The term ‘gait’ describes the way a horse moves. For instance, speed is essential in racing, and people breed horses to walk, gallop, canter, and trot. Each of these is a gait.
A ‘gaited horse‘ is a breed specifically bred for its natural gaited abilities, performing high speed, smooth-to-ride, four-beat horse gaits. Due to the ability to have at least one leg on the ground, the horses are more balanced on slippery surfaces like ice. That’s why gaited horses are called ‘single foot’ in the United States.
In the nineteenth century, when horses served as the major mode of transportation, individuals rode on saddle horses. These horses were smooth and comfortable to ride for long hours without stress to the horse or the rider. People preferred a horse that could offer a smooth ride with great stamina while traveling long distances for transportation purposes.
Gaited horses were better at jumping and faster at galloping. Hence, as riding gradually became more of a sport than a mere means of transportation, more attention shifted on the gaited horse.
When you see riders in movies, they usually gallop up and down on horsebacks in the basic gaits. Irrespective of how they ride, there’s always an up and down movement. Most horse breeds have only three fundamental gaits: the walk, the gallop or canter, and the trot. However, gaited horses can move distinctly.
The Walk: Slow but Comfortable
The walk is the slowest gait of horses. It involves the movement of each leg at the same time interval, with two to three hooves touching the ground. It’s a slow, comfortable to ride, four-beat movement, similar to the average human pace.
The Trot: Two-Beat Gait
While speeding up, a horse begins the two-beat gait movement. The gait involves a horse moving its diagonal pair of legs simultaneously with a short suspense moment in the air. It’s not a comfortable riding movement and causes pain as the horse bounces the rider up and down due to its center of gravity, moving forward in an up and down position.
The Gallop: Increased Speed
The gallop is slightly faster than the trot. It involves a horse lifting three of its limbs at the same time (with a front and a rear leg in diagonal) and eventually setting the third front leg back to the ground. It makes the horse gallop in a three-beat movement.
While a horse can learn four-beat and two-beat gallops, they often occur as a result of imbalance.
Three-beat gallops are very comfortable for riders, but they can’t ride in it for extended periods, as it’s a fast gait and requires so much energy.
The Amble and the Pace: Basic Gaits for Every Gaited Horse Breed
The amble is a slightly irregular pace (a two-beat gait). It involves a horse moving its pair of legs on one side simultaneously and then the other pair of legs. The center of gravity will move forward, then right and left while the rider rocks along from left to right.
While the pace isn’t smooth enough for riding, it’s a more comfortable gait than the trot. The root gaits of most gaited horses are amble and pace.
Some horse breeds can maintain the four-beat walk rhythm when they begin to speed up and can reach up to fifteen kilometers per hour speed. This “special gait” is common among several gaited horses. They don’t trot, and they offer more comfort for riders, as there’s no bouncing up and down on their back.
The Tolt and the “Paso llano”
The Tolt (Icelandic horses) and the Paso llano (Peruvian Paso horses) are examples of four-beat gaits. But the difference between them is that the Peruvian horse doesn’t trot, while the Icelandic horse does. All gaited horses are generally smooth and comfortable for riding.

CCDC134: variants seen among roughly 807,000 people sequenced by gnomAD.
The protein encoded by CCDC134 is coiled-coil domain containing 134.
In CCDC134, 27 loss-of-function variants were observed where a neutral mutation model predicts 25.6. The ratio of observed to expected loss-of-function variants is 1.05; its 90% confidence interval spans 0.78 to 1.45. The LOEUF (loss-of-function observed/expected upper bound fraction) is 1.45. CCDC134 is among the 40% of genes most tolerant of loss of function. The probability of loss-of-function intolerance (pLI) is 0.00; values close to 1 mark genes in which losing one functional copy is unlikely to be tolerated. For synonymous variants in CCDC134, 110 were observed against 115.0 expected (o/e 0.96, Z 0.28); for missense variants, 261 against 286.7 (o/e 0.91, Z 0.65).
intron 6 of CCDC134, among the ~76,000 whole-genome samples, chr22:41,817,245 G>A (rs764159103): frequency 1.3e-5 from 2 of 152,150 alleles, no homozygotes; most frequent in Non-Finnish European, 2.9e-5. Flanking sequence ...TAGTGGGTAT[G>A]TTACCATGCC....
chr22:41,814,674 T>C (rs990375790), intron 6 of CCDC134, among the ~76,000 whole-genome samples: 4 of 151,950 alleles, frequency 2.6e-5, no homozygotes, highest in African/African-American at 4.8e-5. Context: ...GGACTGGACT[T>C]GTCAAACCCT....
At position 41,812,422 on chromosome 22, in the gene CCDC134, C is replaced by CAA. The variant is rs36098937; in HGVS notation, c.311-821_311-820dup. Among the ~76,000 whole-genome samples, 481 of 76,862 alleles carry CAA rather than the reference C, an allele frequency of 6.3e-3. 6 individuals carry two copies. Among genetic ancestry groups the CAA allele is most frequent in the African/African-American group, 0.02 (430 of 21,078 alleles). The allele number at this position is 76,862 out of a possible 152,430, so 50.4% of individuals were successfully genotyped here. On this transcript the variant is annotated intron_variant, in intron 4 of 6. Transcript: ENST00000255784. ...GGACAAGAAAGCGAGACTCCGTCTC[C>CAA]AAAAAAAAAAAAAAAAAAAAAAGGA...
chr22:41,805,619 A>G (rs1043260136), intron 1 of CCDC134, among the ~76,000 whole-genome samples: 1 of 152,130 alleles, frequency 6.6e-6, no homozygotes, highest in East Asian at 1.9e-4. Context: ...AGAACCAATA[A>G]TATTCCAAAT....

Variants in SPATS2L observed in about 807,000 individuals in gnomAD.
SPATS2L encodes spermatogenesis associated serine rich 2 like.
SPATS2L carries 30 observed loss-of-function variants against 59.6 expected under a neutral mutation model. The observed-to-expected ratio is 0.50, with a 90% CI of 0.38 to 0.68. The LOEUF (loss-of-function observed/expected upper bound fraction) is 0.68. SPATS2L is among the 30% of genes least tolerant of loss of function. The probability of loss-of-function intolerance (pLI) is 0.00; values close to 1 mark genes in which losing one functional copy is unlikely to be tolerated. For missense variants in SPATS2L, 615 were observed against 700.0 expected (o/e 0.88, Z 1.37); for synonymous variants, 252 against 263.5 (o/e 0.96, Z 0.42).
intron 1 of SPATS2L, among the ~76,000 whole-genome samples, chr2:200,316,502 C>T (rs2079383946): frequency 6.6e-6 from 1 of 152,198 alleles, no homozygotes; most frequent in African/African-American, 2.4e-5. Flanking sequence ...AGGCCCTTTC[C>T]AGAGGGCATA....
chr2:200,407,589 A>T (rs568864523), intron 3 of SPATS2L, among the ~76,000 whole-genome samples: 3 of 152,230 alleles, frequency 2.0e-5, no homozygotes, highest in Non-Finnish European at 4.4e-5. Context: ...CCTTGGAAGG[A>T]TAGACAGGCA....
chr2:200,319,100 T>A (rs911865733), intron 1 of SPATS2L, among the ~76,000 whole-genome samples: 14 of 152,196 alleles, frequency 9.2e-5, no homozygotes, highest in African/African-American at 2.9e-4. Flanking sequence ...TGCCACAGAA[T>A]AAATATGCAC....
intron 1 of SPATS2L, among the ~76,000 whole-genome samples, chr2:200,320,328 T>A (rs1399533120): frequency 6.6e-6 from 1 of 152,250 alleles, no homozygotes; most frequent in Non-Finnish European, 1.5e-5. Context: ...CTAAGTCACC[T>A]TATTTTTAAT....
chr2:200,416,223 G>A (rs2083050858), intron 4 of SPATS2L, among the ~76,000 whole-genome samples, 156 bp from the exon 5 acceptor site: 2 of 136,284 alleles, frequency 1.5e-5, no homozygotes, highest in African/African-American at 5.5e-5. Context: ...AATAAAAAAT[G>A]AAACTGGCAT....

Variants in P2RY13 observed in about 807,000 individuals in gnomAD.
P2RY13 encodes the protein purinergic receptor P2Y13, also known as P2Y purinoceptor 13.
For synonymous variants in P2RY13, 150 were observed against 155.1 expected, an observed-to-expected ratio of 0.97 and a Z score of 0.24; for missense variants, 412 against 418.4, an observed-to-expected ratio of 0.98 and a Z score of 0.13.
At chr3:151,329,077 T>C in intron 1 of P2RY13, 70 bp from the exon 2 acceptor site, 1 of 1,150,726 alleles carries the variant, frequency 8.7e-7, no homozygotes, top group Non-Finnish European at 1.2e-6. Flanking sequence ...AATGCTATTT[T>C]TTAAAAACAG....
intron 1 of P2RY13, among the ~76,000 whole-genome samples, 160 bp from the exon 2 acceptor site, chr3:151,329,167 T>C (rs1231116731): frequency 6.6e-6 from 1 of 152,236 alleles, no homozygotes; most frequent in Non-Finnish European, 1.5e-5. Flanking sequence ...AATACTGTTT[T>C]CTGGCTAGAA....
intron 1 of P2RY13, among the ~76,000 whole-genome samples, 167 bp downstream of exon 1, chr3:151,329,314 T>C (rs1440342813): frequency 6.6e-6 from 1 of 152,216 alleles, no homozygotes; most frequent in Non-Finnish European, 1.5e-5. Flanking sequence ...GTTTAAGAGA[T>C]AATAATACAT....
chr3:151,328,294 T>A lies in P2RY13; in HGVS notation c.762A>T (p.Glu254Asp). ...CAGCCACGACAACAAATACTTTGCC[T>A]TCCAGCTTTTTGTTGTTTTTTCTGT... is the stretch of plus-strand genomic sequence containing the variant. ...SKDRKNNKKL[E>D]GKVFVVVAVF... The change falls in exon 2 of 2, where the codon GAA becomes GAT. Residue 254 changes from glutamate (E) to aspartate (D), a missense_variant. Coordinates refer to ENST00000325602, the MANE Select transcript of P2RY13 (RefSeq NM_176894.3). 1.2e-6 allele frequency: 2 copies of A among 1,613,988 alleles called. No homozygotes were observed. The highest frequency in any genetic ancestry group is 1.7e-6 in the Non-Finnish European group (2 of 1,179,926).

A Relief for Riders’ Back
A gaited horse is a great alternative for any rider forced to quit riding due to hip and back problems. They’re also perfect for those who ride long distances or spend long hours on horses.
While the special gait replaces the trot, some gaited horses can often trot. But they all have the gallop and walk in common.
Gaited Horse Breeds
There are numerous gaited horse breeds throughout the world, but their number reduces when compared with trotting horses. While there are variances among the horse breeds, what they have in common is their special gait, which replaces the trot and makes riding pleasurable even for an extended period.
Breeds like the Icelandic horse, the Arravani, the Toltende Traber, and the Aegidienberger are from Europe. In South America, you’ll find the Peruvian Paso, the Paso Fino, and the Mangalarga Marchador.
There are many gaited horse breeds, including the American Saddlebred, which is the United States’ oldest gaited horse breed, and the Tennessee Walker, the most popular gaited horse.
Genetic Mutation of Gaited Horse Breeds
Some horse breeds are naturally gaited as a result of a genetic mutation, which causes a special gait movement, as research on Icelandic horses shows. They discovered that the DMRT3 gene mutation causes the distinction between gaited and non-gaited horses.
‘Special Gait’ Performance Can Improve Through Training
While the special gait is inherent, it’s essential to train it well. The more your horse practices, the smoother its movement becomes, and long trails and rides will be more pleasant, as riders won’t feel any back pain. A gaited horse can cover long distances within a shorter time, for instance, about 40 kilometers per day, and it doesn’t require as much energy as other horses.
Gaited Horses Are Great for Both Work and Competitions
Asides being spectacular to watch in parades and at shows, gaited horses also excel in several other areas. From handicapped-riding programs to barrel racing, ranch work, police work, and farm work, industrious gaited horses are everywhere. They mostly do well in competitive endurance riding and trail riding.